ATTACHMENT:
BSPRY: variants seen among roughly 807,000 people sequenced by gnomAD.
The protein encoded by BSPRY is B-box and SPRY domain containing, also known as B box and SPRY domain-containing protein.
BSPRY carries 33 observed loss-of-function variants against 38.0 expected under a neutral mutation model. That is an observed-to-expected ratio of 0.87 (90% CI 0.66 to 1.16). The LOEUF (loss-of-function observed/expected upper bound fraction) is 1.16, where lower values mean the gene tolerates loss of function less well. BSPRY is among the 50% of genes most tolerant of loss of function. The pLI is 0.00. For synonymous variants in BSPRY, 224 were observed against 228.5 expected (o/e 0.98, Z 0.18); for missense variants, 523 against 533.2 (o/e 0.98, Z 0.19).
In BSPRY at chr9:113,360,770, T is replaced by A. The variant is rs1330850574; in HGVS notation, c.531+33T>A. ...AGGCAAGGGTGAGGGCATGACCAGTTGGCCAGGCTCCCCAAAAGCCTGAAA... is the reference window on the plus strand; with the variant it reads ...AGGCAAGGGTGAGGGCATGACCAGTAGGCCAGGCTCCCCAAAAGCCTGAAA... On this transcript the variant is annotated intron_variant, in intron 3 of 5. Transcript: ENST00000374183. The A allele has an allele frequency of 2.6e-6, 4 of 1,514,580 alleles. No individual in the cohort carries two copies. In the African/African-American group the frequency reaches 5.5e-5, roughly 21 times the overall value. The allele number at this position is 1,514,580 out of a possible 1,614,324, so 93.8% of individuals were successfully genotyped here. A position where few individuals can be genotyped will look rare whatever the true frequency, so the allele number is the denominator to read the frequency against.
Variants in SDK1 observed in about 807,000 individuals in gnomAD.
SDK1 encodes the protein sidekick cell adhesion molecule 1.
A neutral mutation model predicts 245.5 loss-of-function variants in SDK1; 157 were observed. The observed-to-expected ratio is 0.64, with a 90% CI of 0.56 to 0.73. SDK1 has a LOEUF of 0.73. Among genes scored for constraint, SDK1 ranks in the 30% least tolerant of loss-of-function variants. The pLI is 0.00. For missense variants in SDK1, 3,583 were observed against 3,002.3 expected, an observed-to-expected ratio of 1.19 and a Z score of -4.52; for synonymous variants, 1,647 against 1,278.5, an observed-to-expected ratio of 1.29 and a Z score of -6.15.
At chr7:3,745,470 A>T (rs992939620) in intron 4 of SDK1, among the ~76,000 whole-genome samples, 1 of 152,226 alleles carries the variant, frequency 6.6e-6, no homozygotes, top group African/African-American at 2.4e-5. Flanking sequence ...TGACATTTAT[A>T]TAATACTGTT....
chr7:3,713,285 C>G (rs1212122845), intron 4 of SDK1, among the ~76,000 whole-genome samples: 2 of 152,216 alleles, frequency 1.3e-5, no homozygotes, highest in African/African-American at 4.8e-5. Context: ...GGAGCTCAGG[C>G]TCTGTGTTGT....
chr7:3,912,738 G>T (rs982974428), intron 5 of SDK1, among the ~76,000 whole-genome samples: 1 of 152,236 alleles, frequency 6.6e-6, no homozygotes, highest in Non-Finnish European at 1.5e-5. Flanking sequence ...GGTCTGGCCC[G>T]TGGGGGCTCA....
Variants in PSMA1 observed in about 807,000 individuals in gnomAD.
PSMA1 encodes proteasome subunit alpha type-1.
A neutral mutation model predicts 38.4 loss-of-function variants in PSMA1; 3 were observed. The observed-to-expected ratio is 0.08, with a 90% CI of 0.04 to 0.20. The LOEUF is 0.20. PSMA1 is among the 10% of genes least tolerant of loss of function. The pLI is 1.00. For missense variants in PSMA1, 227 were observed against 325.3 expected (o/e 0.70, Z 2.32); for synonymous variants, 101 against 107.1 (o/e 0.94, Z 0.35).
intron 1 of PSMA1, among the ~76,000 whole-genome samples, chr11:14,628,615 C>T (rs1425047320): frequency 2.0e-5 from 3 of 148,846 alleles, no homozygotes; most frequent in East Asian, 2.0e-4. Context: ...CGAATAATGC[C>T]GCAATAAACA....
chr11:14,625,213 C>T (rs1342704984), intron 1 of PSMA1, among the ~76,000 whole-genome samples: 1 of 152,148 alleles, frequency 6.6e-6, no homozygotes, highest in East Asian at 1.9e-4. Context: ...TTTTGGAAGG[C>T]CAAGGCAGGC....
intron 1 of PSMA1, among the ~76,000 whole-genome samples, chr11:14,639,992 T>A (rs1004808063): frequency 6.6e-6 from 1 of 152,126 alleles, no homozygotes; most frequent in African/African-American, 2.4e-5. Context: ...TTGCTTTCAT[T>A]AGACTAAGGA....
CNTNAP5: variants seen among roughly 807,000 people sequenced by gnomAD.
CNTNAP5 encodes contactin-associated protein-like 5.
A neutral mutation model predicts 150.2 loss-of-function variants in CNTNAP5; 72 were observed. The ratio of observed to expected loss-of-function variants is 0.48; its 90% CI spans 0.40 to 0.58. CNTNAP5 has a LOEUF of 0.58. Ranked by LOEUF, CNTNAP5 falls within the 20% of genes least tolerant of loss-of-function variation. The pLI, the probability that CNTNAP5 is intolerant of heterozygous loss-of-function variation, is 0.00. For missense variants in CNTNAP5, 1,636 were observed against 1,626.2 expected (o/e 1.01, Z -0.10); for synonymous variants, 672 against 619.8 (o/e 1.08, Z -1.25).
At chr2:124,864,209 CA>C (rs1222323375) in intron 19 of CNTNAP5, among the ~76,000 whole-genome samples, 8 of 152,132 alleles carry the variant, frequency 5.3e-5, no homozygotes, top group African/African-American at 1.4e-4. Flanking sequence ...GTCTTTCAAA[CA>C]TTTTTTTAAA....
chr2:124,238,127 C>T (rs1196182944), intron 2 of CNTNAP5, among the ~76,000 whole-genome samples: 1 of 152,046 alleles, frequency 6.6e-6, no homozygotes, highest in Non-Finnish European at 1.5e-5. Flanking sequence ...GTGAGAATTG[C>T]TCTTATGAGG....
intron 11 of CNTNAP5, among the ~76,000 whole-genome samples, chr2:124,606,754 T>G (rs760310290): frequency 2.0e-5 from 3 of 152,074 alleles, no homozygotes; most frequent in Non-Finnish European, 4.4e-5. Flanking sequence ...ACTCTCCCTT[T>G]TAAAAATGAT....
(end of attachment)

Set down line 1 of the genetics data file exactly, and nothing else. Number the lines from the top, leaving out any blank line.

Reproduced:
BSPRY: variants seen among roughly 807,000 people sequenced by gnomAD.